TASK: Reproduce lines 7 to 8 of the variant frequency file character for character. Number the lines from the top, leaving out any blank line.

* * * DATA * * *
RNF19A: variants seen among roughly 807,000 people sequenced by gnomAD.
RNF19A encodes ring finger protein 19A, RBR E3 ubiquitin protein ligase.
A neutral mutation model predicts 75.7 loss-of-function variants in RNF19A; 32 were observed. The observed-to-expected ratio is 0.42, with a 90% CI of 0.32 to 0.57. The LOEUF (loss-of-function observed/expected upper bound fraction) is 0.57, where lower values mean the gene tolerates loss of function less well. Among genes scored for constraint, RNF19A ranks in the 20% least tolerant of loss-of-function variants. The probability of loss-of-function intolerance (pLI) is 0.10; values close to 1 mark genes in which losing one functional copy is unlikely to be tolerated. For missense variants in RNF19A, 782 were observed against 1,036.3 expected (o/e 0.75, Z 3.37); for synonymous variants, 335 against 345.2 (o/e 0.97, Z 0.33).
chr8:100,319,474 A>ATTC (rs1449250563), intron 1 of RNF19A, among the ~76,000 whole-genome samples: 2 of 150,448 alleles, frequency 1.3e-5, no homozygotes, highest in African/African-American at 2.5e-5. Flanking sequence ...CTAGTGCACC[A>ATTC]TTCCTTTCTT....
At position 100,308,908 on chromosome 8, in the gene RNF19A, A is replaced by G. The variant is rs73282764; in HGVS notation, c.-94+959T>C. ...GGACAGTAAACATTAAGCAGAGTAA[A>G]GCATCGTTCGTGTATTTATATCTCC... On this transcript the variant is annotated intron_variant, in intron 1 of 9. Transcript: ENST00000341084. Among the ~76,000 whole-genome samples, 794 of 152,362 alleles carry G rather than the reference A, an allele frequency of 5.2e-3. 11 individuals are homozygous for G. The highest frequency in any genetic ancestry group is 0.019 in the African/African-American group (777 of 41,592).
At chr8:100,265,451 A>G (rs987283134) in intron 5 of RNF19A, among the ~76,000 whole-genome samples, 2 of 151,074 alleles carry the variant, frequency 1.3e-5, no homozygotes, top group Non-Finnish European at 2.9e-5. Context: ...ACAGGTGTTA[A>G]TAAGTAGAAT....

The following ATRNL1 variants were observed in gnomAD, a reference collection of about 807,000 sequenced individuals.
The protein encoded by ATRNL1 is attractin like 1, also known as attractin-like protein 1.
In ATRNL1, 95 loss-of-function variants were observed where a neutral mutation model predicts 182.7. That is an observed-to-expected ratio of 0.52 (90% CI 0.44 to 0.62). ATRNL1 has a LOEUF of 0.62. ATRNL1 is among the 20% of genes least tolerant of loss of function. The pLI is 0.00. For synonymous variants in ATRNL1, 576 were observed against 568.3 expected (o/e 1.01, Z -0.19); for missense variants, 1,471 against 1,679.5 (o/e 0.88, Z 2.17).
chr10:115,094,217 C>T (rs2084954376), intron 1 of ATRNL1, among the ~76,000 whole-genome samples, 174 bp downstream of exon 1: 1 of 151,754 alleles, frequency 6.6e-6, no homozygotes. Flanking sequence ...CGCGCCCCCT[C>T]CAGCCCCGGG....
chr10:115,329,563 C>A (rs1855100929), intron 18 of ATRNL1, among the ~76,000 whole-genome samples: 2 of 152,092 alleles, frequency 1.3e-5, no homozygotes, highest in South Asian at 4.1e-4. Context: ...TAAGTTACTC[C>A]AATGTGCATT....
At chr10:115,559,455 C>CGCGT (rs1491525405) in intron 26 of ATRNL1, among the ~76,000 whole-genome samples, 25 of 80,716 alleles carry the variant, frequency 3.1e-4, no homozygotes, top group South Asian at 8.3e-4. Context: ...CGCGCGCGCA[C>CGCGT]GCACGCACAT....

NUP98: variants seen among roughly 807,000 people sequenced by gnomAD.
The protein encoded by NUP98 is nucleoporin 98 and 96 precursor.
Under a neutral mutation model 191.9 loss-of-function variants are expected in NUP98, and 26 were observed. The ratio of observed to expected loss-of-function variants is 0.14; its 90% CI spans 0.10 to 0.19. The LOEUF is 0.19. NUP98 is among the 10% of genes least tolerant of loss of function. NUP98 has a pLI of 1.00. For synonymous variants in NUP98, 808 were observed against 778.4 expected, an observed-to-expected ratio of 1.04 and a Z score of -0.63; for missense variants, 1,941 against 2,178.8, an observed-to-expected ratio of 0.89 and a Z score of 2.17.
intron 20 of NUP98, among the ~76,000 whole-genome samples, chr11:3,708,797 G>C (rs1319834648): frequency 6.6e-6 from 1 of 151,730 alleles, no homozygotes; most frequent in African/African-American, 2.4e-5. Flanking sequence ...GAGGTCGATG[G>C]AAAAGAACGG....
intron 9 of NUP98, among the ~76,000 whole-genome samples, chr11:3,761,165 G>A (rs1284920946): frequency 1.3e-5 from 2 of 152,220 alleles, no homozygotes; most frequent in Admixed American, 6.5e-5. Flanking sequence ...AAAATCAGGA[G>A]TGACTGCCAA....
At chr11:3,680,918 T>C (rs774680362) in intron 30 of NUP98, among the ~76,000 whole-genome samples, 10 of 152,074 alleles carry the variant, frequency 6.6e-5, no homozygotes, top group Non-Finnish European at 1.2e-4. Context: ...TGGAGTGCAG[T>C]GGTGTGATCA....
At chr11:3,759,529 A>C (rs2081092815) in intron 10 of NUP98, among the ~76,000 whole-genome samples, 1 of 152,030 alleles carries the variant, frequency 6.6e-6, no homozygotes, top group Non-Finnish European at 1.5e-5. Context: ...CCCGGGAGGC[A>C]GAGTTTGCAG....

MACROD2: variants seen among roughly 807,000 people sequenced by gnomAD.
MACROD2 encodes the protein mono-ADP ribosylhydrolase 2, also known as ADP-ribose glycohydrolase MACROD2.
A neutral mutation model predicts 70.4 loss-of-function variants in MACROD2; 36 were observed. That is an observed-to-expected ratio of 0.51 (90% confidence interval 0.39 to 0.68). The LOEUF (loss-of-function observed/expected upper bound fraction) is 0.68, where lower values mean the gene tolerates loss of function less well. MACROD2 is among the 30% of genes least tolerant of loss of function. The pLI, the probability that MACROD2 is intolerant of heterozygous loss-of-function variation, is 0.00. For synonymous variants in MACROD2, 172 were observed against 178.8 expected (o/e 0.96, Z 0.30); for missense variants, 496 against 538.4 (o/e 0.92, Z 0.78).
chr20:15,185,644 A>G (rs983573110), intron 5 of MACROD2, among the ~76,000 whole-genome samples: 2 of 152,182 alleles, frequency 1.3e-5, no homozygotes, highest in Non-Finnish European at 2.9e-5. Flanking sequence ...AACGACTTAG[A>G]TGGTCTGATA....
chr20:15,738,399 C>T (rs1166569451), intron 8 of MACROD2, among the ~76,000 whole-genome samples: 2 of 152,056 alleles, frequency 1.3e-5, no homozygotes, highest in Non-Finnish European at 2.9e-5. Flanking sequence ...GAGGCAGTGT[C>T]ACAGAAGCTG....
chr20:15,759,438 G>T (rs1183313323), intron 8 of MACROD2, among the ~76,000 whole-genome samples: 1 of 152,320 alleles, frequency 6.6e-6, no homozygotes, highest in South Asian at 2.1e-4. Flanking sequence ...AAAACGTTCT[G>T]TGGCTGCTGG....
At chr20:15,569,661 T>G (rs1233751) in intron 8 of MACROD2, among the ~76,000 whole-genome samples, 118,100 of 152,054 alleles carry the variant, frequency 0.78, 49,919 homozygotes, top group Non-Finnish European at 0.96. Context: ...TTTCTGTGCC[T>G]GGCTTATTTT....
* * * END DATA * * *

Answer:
The following ATRNL1 variants were observed in gnomAD, a reference collection of about 807,000 sequenced individuals.
The protein encoded by ATRNL1 is attractin like 1, also known as attractin-like protein 1.